David Tao

@davidtao

My first 10 days @Twitter NYC

TL;DR: It’s f*@king #amazing

IMAGE COURTESY HLW INTERNATIONAL. PHOTO BY CHRIS COOPER

Today marks the end of my 10th day as an Intern in Twitter’s New York office, and my oh my what a 10 days it has been. Amidst the excitement, warm welcomes, and busy #FlightSchool orientation, here are three things that stood out about the office that makes me unbelievably excited for the rest of the summer.

  1. The emphasis on professional development for students isn’t just a recruitment slogan. It has become evident to me that Twitter truly cares about its interns’ professional development. Right off the bat, every intern is paired with a mentor and a manager who will guide he/she throughout the summer and be the first point of contact for all questions. My mentor and manager (shoutout to Lee and Ash) have been super helpful and are clearly invested in me professionally, both at Twitter and beyond, which is amazing to see. They’re interested in my academic and career interests, and have made an effort to provide projects that align with them. Additionally, Twitter also offers hundreds of internal classes for employees and interns to expand their knowledge base during their down time while at work. They span from “Tableau Essentials” to “Mastering Technical Interviews for Engineers”, and any employee can sign up to teach a class on a topic they are knowledgeable about. During my first week, I took a great class on Deep Learning led by the Cortex team that exposed me to how Twitter utilizes neural nets in its targeting and timeline products. I think it is wonderful to see strong commitments to employee development and training, and will definitely be taking more classes throughout the summer. Furthermore, these past 10 days has been filled with 1:1 chats and introductory meetings with employees across the country to address any and all of my questions. I have been encouraged to speak up, and was told early on that there are no stupid questions. Everyone I met with was generous with their time and eager to help explain confusing processes and concepts. There is a great learning atmosphere here at Twitter, and I am excited to see what the next 10 weeks will bring.
  2. The office doesn’t feel like an office, and work doesn’t feel like work. On the outside the West 17th Street office may appear unimposing, but the facade quickly fades once you step inside the lobby. Twitter’s 12 story corporate headquarters is a gorgeous space adorned with art, open areas (no cubicles anywhere), tall windows, exposed brick, and filled with modern furniture straight out of a West Elm catalogue. Besides a fully stocked kitchen on most floors with craft beer, cold brew, and Rosé on tap, there is a basement speakeasy, a roomy cafeteria with ample natural light, and, of course, an entertainment space with arcade games and a ping pong table.
PC: KENDREK LYONS (@KENDREK).
PC: KENDREK LYONS (@KENDREK).
Basement Speakeasy. PC: Chris Cooper.
A typical (free!) lunch at Twitter. PC: KENDREK LYONS (@KENDREK).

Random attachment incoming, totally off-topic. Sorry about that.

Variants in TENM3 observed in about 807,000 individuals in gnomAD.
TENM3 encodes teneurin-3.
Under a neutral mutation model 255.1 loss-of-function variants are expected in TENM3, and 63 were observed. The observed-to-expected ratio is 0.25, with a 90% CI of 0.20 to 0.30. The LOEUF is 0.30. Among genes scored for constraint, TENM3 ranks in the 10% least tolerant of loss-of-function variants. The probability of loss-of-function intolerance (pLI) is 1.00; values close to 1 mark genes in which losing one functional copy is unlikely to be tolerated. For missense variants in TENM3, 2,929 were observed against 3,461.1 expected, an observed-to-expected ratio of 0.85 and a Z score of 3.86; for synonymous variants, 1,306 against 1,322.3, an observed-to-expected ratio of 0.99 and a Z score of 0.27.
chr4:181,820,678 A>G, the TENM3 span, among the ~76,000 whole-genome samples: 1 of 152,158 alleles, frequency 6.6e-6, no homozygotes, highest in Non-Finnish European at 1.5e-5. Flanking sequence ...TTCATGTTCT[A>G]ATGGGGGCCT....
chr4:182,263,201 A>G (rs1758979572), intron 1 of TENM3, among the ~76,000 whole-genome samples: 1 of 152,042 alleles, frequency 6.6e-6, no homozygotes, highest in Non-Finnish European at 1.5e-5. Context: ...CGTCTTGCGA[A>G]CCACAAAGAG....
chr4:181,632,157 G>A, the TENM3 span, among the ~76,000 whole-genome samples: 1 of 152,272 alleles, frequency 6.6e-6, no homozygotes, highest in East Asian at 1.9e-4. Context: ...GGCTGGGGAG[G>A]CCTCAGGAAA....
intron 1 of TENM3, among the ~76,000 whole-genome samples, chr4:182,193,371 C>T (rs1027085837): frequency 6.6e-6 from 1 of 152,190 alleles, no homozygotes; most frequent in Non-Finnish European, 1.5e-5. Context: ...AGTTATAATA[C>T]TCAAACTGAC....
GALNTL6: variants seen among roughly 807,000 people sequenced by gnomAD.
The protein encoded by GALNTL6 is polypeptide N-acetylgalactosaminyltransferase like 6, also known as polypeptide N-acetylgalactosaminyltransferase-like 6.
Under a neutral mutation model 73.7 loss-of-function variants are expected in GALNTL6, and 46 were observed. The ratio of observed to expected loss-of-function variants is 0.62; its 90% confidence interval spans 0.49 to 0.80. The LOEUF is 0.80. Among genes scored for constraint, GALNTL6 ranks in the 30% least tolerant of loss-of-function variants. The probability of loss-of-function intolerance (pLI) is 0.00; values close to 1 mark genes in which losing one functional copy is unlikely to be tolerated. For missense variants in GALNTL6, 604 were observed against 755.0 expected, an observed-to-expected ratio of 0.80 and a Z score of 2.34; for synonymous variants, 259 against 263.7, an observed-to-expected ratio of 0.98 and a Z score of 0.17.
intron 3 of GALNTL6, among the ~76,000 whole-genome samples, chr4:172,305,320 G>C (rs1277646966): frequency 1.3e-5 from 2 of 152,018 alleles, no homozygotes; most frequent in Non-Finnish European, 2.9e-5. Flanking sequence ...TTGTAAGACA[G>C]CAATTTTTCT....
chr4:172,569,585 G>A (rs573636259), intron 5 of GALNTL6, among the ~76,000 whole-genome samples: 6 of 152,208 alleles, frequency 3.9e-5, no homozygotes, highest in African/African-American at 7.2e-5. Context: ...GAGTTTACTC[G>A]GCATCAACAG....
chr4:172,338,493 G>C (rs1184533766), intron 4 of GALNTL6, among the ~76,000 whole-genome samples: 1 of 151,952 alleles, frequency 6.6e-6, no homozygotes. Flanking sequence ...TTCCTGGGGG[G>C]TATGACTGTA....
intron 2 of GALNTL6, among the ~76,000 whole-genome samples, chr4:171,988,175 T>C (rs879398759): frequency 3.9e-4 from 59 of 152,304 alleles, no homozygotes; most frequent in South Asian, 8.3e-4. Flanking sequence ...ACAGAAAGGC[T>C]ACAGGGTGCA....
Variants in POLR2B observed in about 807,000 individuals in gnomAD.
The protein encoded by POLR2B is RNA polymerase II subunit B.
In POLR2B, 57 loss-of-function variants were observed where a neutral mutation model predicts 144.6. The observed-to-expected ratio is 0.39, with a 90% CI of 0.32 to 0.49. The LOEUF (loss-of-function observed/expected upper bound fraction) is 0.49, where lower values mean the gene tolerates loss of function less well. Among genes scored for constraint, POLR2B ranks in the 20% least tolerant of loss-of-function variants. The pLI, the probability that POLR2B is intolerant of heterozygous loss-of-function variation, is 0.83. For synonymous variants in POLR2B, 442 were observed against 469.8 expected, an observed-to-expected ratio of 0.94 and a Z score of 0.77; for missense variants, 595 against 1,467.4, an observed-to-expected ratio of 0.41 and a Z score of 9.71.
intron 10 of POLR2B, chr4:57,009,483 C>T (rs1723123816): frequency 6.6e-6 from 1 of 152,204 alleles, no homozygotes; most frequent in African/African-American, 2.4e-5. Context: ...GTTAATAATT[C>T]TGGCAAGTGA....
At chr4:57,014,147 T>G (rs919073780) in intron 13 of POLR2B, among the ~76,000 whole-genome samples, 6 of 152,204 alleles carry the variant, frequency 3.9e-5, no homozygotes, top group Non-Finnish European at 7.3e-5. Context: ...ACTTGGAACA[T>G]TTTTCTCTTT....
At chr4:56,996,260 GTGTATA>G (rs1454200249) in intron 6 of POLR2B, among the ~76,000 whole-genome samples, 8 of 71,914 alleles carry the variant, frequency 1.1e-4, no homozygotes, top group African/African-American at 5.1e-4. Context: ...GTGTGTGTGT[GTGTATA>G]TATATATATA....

In addition to the comfortable atmosphere of the office that makes it hard to leave, the culture itself is friendly and inviting making work, dare I say, fun? For example, every Thursday starting at 3:30pm a Drink Cart with some delicious alcoholic concoction is brought around as a preemptive celebration for the upcoming weekend (unfortunately, you must be 21+ to take part, aka not me). There are also a bunch of groups employees can join around personal hobbies (my favorites are “Twitter Movie Buffs”, “Foosball”, and “Hip Hop”). Interns are privileged to organized outings as well. My calendar for the rest of the summer includes paint balling, Chelsea Market food tour, Amateur Night at The Apollo, Yankees game, Escape the Room, Dinner at the Frying Pan, and more. Fun fun fun.

3. The commitment to diversity is real. It is no secret many of Silicon Valley’s biggest companies struggle with creating an inclusive and diverse culture. From my experiences thus far, Twitter seems well aware of this fact and actively working to be a force of change. In one of my first orientations, I learned about the Twitter Employee Resource Groups (ERGs). ERGs are internal affinity groups for underrepresented Twitter employees and allies. Different groups include TwitterAlas (employees of Latino and Latin American descent and allies), BlackBirds, TwitterOpen, TwitterWomen, TwitterAsians, Stripes (for Veterans, Service Members, and Military Families), and TwitterParents (for employees with children). Beyond access to these support organizations, all employees, including interns, are also required to undergo “Inclusion & Unconscious Bias” training as part of initiatives to support diversity imperatives. And just today, bathroom signage was updated to include signs that read “self-identified [wo]men and gender diversity is welcome here”. I’m proud to be working at such a progressive company, and I hope Twitter will become a model for other tech companies to emulate.

I definitely feel incredibly lucky to be working at Twitter, and I highly encourage other students to apply for the next summer. It truly is an awesome company. Plus, you get paid to go on Twitter. What more could you want?

You can reach me on Twitter @dtao114 or email me at Dtao114@berkeley.edu. Thanks for reading!

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